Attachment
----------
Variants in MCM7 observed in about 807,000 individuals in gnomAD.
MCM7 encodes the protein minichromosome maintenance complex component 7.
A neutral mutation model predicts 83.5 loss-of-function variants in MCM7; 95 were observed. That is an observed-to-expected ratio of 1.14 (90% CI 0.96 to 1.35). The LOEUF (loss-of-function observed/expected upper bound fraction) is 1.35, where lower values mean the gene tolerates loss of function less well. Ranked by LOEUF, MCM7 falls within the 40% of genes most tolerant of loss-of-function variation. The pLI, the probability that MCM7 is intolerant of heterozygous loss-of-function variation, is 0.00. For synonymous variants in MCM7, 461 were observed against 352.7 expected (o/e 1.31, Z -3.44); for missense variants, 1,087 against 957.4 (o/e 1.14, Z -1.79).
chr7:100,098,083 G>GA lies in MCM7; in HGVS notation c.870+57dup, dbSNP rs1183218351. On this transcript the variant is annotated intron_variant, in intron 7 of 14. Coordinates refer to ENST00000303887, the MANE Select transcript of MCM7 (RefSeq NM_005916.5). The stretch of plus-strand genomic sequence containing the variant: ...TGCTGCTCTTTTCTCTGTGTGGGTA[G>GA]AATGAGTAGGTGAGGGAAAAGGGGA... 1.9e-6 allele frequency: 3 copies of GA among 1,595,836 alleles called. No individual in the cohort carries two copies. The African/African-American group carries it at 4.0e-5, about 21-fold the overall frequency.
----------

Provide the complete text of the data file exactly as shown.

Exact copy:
Variants in MCM7 observed in about 807,000 individuals in gnomAD.
MCM7 encodes the protein minichromosome maintenance complex component 7.
A neutral mutation model predicts 83.5 loss-of-function variants in MCM7; 95 were observed. That is an observed-to-expected ratio of 1.14 (90% CI 0.96 to 1.35). The LOEUF (loss-of-function observed/expected upper bound fraction) is 1.35, where lower values mean the gene tolerates loss of function less well. Ranked by LOEUF, MCM7 falls within the 40% of genes most tolerant of loss-of-function variation. The pLI, the probability that MCM7 is intolerant of heterozygous loss-of-function variation, is 0.00. For synonymous variants in MCM7, 461 were observed against 352.7 expected (o/e 1.31, Z -3.44); for missense variants, 1,087 against 957.4 (o/e 1.14, Z -1.79).
chr7:100,098,083 G>GA lies in MCM7; in HGVS notation c.870+57dup, dbSNP rs1183218351. On this transcript the variant is annotated intron_variant, in intron 7 of 14. Coordinates refer to ENST00000303887, the MANE Select transcript of MCM7 (RefSeq NM_005916.5). The stretch of plus-strand genomic sequence containing the variant: ...TGCTGCTCTTTTCTCTGTGTGGGTA[G>GA]AATGAGTAGGTGAGGGAAAAGGGGA... 1.9e-6 allele frequency: 3 copies of GA among 1,595,836 alleles called. No individual in the cohort carries two copies. The African/African-American group carries it at 4.0e-5, about 21-fold the overall frequency.